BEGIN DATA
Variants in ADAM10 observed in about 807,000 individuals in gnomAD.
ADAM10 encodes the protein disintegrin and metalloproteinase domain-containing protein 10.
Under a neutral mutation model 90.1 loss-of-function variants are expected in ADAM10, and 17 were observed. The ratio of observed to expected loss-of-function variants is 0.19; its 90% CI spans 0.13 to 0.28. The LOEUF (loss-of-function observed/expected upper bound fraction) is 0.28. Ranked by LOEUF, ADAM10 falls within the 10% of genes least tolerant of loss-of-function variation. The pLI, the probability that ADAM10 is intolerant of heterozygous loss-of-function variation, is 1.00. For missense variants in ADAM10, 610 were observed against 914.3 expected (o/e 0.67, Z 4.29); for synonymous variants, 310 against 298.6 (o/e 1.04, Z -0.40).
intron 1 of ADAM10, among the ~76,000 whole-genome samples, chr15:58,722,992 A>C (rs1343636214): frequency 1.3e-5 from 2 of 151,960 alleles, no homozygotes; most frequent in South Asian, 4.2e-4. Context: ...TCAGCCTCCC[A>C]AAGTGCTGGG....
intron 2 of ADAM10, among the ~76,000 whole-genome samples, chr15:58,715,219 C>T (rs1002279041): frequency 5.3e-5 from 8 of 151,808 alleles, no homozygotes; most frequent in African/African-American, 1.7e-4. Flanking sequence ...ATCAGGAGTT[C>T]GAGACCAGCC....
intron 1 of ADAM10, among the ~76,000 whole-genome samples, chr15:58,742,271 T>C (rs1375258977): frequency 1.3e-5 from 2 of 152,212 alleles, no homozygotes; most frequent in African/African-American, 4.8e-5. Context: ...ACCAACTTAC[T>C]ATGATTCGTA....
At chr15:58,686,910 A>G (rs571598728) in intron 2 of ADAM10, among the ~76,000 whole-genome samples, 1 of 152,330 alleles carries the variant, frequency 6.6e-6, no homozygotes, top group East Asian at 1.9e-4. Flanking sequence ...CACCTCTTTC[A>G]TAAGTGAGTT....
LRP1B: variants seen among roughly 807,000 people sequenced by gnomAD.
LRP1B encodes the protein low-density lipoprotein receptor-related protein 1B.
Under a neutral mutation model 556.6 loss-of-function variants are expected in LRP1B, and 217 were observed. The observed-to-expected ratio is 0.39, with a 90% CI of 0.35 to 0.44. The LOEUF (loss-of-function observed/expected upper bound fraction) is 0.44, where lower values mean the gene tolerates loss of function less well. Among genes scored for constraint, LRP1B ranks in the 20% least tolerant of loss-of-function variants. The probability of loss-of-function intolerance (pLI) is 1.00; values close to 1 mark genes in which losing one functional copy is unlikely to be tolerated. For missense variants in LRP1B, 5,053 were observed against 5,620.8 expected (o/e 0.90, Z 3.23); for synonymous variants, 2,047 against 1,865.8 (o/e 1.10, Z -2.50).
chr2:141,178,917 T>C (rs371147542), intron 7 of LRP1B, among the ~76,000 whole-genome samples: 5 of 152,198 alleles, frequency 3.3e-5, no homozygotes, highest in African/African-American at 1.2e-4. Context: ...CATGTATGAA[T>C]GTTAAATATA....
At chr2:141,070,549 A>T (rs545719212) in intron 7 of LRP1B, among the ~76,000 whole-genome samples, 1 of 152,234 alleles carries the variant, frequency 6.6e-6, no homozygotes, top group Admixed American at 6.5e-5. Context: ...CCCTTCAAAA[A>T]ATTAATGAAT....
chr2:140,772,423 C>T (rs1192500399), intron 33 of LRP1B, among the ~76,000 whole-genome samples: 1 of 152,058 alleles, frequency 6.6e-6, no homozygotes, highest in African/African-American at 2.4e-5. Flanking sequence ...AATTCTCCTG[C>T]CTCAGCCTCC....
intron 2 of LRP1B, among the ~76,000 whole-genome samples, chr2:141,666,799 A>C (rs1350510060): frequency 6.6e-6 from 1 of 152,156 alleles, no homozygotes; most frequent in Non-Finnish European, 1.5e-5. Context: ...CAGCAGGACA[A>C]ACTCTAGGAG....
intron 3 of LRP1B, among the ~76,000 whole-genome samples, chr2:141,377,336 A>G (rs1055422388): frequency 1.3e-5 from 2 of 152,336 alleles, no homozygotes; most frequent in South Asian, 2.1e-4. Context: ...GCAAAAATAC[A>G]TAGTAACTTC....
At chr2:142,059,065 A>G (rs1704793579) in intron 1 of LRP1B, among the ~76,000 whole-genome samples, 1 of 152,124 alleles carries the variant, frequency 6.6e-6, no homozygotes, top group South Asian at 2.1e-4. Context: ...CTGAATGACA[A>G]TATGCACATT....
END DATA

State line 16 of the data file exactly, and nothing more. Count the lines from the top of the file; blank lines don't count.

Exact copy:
At chr2:142,059,065 A>G (rs1704793579) in intron 1 of LRP1B, among the ~76,000 whole-genome samples, 1 of 152,124 alleles carries the variant, frequency 6.6e-6, no homozygotes, top group South Asian at 2.1e-4. Context: ...CTGAATGACA[A>G]TATGCACATT....